Everton Park – Liverpool’s Parc Guell: Memorial to a Lost Metropolis?
The beautiful sandstone ridge that overlooks central Liverpool and the Mersey from Everton Park is a place to contemplate. There can hardly be a city district on earth that has experienced such intense waves of change, time and again, hammering the cliff face into unrecognisably different shapes.
These waves of change began around three centuries ago, and accelerated in intensity, violently reshaping the ridge until suddenly becalmed. Now a new transformation is promised, much more gentle than previous upheavals, but still radical in its way.
The Architect’s Journal (14th Feb, 2013) revealed five short listed designs in an official contest to create a pavilion building worthy of Everton Park’s stunning location. The stated vision is to make this shape-shifting landscape Liverpool’s equivalent of Barcelona’s Parc Guell – an admirable ambition.
Local practices Austin:Smith-Lord, Broadway Malyan, Studio Three, Cass Associates and Union North offshoot FVMA with shedkm were invited to vie for the £1.8 million project and presented their initial proposals to residents and ‘stakeholders’. The firms were asked to draw up proposals for ‘a meeting place and operational hub’ housing a café, information centre and gallery.
Richard Tracey from project backer Liverpool Vision told the AJ: ‘Everton Park is one of the city’s precious green lungs, but it has been underused in the past. This is all about to change. We are creating a vibrant and fun visitor destination – in the same way that Barcelona’s Parc Guell is.’
Broadway Malayan’s design for Liverpool’s new landmark pavilion (above) was given preferred status in March. The other four shortlisted concepts are shown below (in no particular order):
International artist Fritz Haeg and New York High Line mastermind James Corner have already delivered plans for a heritage trail and other landscape improvements as part of Liverpool’s Biennial festival 2012.
Haeg showed his grasp of the area’s fraught history in an interview in June 2012:
(It’sLiverpool.com, June 2012)
‘Two of America’s most respected landscape artists are heading to Everton this summer. But not to the hallowed turf of Goodison. They’re headed to a windblown park at the top of the town…
Fritz Haeg admits: Everton Brow is one of his trickiest commissions.
“It’s a strange place,” Haeg amits, “It’s not like your regular city park, with high density growth at the perimeter, prime real estate around it, and a real sense of purpose. In fact, I’d say it was the exact opposite of that!”
The site’s dimensions are curious and challenging. Rising from a hollowed out core, a grassy bank cordons in a featureless bowl. A drive loops the outer edge, allowing motorists to simply skirt its perimeter, drink in the view from the safety of their car seat, and leave: never once having had the feel of grass underfoot. A drive thu-park, you could say. Fritz plans on changing all that.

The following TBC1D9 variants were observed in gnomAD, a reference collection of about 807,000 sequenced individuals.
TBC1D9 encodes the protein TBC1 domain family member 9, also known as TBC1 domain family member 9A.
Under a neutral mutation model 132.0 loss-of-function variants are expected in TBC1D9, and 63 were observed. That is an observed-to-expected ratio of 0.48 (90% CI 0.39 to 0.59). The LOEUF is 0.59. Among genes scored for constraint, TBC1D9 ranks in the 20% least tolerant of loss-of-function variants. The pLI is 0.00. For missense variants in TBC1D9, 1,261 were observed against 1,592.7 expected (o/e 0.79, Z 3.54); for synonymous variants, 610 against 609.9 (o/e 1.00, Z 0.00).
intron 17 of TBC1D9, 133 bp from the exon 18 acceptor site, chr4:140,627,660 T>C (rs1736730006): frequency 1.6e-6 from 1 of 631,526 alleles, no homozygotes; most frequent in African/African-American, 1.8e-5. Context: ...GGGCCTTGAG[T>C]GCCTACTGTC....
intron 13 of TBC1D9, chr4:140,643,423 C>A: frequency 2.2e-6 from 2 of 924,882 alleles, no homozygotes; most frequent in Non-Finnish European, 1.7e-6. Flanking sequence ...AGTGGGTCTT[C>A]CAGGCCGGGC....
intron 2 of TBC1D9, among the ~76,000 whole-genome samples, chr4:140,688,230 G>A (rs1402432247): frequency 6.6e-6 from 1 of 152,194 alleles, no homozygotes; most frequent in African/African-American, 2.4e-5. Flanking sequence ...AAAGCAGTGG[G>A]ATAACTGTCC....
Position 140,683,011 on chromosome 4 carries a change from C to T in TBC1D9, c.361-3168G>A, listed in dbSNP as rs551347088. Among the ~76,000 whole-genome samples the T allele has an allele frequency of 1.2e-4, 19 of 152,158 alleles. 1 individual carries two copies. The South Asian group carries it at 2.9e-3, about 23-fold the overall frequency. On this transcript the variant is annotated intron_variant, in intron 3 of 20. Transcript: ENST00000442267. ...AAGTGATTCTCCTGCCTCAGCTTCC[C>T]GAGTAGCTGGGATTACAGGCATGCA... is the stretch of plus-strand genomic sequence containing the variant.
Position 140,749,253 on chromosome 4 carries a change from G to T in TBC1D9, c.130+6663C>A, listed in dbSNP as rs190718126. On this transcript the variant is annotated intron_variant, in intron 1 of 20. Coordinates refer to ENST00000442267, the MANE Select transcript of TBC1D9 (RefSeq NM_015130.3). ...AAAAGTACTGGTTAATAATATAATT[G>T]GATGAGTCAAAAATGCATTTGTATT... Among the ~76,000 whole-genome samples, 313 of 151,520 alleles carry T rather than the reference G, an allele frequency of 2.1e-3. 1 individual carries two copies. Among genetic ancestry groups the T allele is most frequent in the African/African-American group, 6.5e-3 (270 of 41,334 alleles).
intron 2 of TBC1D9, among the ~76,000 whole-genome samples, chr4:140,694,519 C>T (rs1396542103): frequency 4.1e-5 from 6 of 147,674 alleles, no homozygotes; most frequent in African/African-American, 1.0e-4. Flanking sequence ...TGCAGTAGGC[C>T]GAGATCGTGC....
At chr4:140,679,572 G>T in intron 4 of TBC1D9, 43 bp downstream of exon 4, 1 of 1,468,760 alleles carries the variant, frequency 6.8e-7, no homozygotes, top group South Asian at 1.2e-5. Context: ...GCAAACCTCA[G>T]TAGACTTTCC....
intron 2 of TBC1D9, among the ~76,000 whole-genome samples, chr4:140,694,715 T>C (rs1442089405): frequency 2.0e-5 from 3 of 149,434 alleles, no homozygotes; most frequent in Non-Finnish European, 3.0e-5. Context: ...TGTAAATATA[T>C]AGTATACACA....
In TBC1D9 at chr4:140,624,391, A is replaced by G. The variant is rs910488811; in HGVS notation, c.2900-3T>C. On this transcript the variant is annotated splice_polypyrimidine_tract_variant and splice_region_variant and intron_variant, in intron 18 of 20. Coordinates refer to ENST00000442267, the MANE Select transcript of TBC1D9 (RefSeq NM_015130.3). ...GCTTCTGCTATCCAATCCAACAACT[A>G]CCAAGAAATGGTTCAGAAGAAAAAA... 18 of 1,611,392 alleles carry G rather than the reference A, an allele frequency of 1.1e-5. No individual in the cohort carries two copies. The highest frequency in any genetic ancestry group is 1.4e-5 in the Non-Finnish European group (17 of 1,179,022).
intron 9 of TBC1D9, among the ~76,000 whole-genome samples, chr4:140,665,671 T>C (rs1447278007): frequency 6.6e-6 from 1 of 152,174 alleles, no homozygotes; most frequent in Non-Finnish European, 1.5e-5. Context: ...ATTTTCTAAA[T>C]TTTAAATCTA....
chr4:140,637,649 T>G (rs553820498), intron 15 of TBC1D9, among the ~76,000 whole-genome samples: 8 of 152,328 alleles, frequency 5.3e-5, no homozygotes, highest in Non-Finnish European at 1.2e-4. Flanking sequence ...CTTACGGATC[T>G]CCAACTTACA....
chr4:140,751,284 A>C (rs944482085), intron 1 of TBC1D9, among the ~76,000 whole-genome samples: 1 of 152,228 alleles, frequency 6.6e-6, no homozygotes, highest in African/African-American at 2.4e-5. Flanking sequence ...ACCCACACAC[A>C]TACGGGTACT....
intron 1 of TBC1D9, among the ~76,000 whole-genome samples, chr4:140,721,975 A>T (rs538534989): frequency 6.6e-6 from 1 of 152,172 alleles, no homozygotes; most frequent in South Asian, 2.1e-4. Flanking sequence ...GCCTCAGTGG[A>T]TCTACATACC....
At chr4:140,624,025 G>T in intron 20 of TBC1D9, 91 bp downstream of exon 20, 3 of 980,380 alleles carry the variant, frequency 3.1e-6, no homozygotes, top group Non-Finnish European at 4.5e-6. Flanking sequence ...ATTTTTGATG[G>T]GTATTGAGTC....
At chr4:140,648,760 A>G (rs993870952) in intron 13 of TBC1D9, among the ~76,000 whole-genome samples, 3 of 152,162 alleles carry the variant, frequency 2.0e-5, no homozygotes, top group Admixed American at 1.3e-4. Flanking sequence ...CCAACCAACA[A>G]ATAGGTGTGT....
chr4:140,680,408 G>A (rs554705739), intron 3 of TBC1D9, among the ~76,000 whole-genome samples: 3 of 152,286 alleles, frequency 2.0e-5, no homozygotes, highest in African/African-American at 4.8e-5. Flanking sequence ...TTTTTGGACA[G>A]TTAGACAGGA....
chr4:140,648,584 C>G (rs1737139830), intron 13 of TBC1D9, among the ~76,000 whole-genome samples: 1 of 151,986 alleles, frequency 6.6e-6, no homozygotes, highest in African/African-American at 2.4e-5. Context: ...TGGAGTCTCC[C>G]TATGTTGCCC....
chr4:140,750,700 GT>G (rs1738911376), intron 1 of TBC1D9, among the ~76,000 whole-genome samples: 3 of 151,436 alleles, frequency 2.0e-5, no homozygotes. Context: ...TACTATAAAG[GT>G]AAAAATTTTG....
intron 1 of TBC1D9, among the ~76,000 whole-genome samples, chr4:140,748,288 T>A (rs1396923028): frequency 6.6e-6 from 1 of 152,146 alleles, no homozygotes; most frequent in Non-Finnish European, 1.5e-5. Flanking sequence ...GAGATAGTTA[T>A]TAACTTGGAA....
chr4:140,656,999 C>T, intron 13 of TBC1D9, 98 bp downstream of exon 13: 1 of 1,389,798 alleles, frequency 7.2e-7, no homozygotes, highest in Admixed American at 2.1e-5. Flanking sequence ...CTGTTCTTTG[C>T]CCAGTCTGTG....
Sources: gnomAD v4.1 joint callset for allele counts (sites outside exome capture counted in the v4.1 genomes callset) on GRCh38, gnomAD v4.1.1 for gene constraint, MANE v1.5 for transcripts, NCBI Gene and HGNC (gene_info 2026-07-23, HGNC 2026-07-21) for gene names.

“The history of this park is so fraught,” says the man who, with his Edible Estates project, introduced the idea of people growing vegetables in their front gardens, à la The Good Life, to make the process visible, communal and sociable. And it’s these qualities he hopes to transplant here, at the top of the city.
“The site was once a vibrant community of narrow little streets, and these neighbourhoods have been uprooted, dispersed and violently wiped from the map. The park, which we’re renaming Everton People’s Park, is a chance for people to reconnect again.”’
Some background history – Everton Park and Liverpool’s lost metropolis
For a comprehensive photo history of the clearances, there’s no better source book than the O’Connor brother’s recently updated classic Liverpool: It all came Tumbling Down.
A City That Dared to Fight – Chapter 9 (Extract) The 1984 Urban Regeneration Strategy
Liverpool’s Urban Regeneration Strategy (URS), which was launched in 1984, represented a complete rupture with all previous housing schemes in Liverpool.
Fourteen inner city areas and three on the outer estates were designated as priority areas, with 40,000 people living in over 400 hectares of densely populated land. In an area once full of derelict land and some of the worst housing in the city, a new park, Everton Park, was created. More than 5000 houses were built in the period 1983-7.
The achievements were hailed by housing experts, several of whom disagreed with the political position of the council. The Post(12 September 1985) carried a headline: ‘House-proud city has got it right.’ It went on to state, ‘The city’s 3800 new homes, all with front and back gardens, earn praise from author Alice Coleman… “Liverpool”, she told council chiefs and local builders, has “got it right”.’
Ms Coleman, a housing expert and author of a book, Utopia on Trial, had carried out detailed research into housing conditions. She completely concurred with the main thrust of the URS and of the council’s conviction that the majority of people preferred to live in traditional houses. She went on record saying that she regarded the Liverpool efforts in urban housing as an example of they way the problem should be tackled.
Some further reading on the reshaping of inner city Liverpool:
Two excellent new books detail the Lost Tribes of Everton, from the archives of the Liverpool Daily Post and Echo.
As mentioned, there’s no better source book of photos documenting the impact of the clearances than the O’Connor brother’s (recently updated) 1986 classic Liverpool: It all came Tumbling Down.
And delving deeper into history, this is a brilliant website detailing the famous author Thomas De Quincey’s time living in Everton http://dequinceyineverton.blogspot.co.uk/2010/11/everton-in-1800s.html